I read an interesting article on CNBC about the role of our democratic government in addressing the issue of climate change. I thought I would share it. You can read the article here.
I’m also as critical of extremist climate change advocates as I am of climate change deniers. I feel a big source of the difficulty we have convincing the public is the fact that there are some real kooks saying things that just turn people off.
Here is a National Geographic article on extreme climate change ideas. Some aren’t so bad (painting roofs white is a very good idea and already practiced in many areas of the world). But, some are not very good at all.
Take a look for the fun of it, if nothing else.
Part of the problem with convincing a skeptical public that climate change is a problem is convincing them that there really isn’t an easy solution. We have been trained by TV shows to believe that scientists can solve any problem within 60 minutes and still leave time for commercials. If you ask someone if they believe that kind of scenario they will look at you as if you have lost your mind. ‘Of course not!,’ they’ll tell you. But, then they will turn right around and say that there is an easy solution to any given problem. We can solve the gas shortage tomorrow because scientists will come up with a car that gets 500 miles to the gallon. Everyone knows that and it is just the corporations that are preventing it. They don’t want to loose money. Right?
Wrong! But, if someone believes that you can never convince them otherwise. And, that is part of the problem with climate change. So many people believe an easy solution is out there, so they don’t believe we should worry about global warming. But, as this study shows, solutions are not nearly as easy as people want to believe.
As reported in Physics Today, this facility in Norway is working on carbon capture technology. Basically, the idea is the address global warming by removing the extra carbon dioxide we are putting in the atmosphere. However, they have found the process is very expensive. And, it uses a lot of energy. The generation of energy typically puts carbon dioxide in the air. You could use nuclear power or hydroelectric power, but unless you are building new power plants just for the carbon capture facilities you will be taking power away from other users and that power will have to be replaced with power from some other power plant. It is highly probable that the carbon capture facility will actually result in even more carbon dioxide being put into the atmosphere and doing it at great expense.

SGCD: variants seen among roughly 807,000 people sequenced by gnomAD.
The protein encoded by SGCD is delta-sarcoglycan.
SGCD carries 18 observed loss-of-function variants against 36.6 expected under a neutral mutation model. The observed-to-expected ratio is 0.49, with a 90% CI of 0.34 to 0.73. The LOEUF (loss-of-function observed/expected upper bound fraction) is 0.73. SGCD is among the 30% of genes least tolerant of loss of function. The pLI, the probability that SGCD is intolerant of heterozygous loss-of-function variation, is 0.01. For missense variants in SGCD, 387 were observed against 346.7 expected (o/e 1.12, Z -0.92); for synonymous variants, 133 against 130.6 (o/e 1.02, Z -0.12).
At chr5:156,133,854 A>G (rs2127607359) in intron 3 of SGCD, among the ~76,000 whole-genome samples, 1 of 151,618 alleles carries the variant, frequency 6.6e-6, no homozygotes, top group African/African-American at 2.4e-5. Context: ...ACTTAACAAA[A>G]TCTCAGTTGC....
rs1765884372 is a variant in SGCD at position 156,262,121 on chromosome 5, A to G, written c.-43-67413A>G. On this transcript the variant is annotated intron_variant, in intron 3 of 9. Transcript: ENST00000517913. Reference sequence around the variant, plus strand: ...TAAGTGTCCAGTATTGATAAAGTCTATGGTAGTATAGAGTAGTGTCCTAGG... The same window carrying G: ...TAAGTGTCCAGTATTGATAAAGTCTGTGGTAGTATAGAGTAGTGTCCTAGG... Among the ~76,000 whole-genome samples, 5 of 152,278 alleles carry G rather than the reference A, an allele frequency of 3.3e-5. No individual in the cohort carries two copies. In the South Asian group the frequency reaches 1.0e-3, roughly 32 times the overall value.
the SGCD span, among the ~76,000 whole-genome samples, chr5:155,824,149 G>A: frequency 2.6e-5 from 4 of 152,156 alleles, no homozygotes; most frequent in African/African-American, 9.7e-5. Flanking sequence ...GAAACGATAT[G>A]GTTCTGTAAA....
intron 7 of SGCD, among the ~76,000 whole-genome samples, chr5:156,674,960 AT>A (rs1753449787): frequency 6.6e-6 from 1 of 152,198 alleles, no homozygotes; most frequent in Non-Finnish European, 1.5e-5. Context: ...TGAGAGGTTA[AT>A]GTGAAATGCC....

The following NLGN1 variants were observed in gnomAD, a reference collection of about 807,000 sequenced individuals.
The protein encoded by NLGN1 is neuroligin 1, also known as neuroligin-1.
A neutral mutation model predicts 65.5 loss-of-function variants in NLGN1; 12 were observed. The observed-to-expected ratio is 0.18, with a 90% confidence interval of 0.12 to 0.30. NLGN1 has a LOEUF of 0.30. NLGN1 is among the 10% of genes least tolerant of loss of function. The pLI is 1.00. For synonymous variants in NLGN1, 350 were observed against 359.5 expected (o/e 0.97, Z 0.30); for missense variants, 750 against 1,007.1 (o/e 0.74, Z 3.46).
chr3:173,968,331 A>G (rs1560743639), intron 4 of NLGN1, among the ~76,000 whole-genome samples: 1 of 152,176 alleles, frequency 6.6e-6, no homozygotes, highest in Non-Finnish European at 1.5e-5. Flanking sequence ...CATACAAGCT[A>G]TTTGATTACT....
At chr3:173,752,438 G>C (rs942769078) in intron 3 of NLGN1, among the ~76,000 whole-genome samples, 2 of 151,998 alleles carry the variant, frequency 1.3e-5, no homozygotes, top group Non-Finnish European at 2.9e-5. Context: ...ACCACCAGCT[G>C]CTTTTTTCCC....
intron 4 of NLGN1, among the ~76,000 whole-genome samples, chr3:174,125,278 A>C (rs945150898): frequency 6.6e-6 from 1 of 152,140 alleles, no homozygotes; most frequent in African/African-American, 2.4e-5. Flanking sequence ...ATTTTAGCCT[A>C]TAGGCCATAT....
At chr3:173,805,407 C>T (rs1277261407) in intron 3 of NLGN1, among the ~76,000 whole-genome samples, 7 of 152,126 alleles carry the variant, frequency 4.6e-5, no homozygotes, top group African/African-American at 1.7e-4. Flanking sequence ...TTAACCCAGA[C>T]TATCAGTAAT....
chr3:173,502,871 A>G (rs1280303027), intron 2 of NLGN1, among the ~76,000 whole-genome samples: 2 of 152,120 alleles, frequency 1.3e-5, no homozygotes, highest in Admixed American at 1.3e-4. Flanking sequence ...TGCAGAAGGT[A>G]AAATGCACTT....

Then, there is the other extreme, the people that just say we need to stop putting greenhouse gases in the air. Sounds good, right? Wrong again! Just what are we going to do without so that we can stop putting greenhouse gases in the air? Are we going to do without electric power? Are we going to stop using cement? Are we going to stop putting fertilizer on our crops? All of these have serious consequences and would result in greatly decreased standards of living. And, the lower your income the more your standard of living would be affected. The rich will still live well. It is the middle class and the low-income people that would bear the burden.